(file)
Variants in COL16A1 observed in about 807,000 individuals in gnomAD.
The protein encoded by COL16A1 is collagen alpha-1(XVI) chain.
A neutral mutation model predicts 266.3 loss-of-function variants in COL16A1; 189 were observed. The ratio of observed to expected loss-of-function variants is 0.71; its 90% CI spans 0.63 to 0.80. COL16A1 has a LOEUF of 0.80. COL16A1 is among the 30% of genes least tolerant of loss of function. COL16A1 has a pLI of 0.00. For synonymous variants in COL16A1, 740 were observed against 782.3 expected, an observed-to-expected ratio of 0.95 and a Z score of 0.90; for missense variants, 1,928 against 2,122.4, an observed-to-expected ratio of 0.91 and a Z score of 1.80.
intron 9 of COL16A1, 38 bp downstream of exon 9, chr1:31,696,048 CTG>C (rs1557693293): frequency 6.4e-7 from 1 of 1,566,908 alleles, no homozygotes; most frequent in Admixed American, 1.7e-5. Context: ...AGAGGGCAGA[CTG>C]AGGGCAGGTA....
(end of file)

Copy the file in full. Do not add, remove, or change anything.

Variants in COL16A1 observed in about 807,000 individuals in gnomAD.
The protein encoded by COL16A1 is collagen alpha-1(XVI) chain.
A neutral mutation model predicts 266.3 loss-of-function variants in COL16A1; 189 were observed. The ratio of observed to expected loss-of-function variants is 0.71; its 90% CI spans 0.63 to 0.80. COL16A1 has a LOEUF of 0.80. COL16A1 is among the 30% of genes least tolerant of loss of function. COL16A1 has a pLI of 0.00. For synonymous variants in COL16A1, 740 were observed against 782.3 expected, an observed-to-expected ratio of 0.95 and a Z score of 0.90; for missense variants, 1,928 against 2,122.4, an observed-to-expected ratio of 0.91 and a Z score of 1.80.
intron 9 of COL16A1, 38 bp downstream of exon 9, chr1:31,696,048 CTG>C (rs1557693293): frequency 6.4e-7 from 1 of 1,566,908 alleles, no homozygotes; most frequent in Admixed American, 1.7e-5. Context: ...AGAGGGCAGA[CTG>C]AGGGCAGGTA....